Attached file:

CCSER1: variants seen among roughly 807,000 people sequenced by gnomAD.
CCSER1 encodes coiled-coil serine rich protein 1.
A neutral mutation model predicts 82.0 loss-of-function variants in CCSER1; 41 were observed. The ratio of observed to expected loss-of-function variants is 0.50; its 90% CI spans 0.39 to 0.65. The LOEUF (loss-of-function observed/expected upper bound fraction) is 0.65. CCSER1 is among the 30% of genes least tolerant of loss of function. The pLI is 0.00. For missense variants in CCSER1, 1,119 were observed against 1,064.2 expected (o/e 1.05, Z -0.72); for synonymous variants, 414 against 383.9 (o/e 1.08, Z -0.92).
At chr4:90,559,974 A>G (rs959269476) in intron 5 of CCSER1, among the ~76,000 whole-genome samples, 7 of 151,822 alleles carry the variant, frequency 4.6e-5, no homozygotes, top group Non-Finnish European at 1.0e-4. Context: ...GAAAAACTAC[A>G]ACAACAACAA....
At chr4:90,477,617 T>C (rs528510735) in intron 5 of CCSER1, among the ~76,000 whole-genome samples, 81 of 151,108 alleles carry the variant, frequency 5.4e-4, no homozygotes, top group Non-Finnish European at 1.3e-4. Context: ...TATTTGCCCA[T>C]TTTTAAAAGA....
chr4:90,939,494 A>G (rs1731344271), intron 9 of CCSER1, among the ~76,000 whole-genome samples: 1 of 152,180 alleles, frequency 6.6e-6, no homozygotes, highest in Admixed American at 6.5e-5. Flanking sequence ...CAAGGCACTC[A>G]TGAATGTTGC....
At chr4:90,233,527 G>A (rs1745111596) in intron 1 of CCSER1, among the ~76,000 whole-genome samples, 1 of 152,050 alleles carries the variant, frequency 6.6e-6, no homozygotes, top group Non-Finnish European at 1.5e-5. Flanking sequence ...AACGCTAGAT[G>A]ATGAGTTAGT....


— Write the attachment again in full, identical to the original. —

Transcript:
CCSER1: variants seen among roughly 807,000 people sequenced by gnomAD.
CCSER1 encodes coiled-coil serine rich protein 1.
A neutral mutation model predicts 82.0 loss-of-function variants in CCSER1; 41 were observed. The ratio of observed to expected loss-of-function variants is 0.50; its 90% CI spans 0.39 to 0.65. The LOEUF (loss-of-function observed/expected upper bound fraction) is 0.65. CCSER1 is among the 30% of genes least tolerant of loss of function. The pLI is 0.00. For missense variants in CCSER1, 1,119 were observed against 1,064.2 expected (o/e 1.05, Z -0.72); for synonymous variants, 414 against 383.9 (o/e 1.08, Z -0.92).
At chr4:90,559,974 A>G (rs959269476) in intron 5 of CCSER1, among the ~76,000 whole-genome samples, 7 of 151,822 alleles carry the variant, frequency 4.6e-5, no homozygotes, top group Non-Finnish European at 1.0e-4. Context: ...GAAAAACTAC[A>G]ACAACAACAA....
At chr4:90,477,617 T>C (rs528510735) in intron 5 of CCSER1, among the ~76,000 whole-genome samples, 81 of 151,108 alleles carry the variant, frequency 5.4e-4, no homozygotes, top group Non-Finnish European at 1.3e-4. Context: ...TATTTGCCCA[T>C]TTTTAAAAGA....
chr4:90,939,494 A>G (rs1731344271), intron 9 of CCSER1, among the ~76,000 whole-genome samples: 1 of 152,180 alleles, frequency 6.6e-6, no homozygotes, highest in Admixed American at 6.5e-5. Flanking sequence ...CAAGGCACTC[A>G]TGAATGTTGC....
At chr4:90,233,527 G>A (rs1745111596) in intron 1 of CCSER1, among the ~76,000 whole-genome samples, 1 of 152,050 alleles carries the variant, frequency 6.6e-6, no homozygotes, top group Non-Finnish European at 1.5e-5. Flanking sequence ...AACGCTAGAT[G>A]ATGAGTTAGT....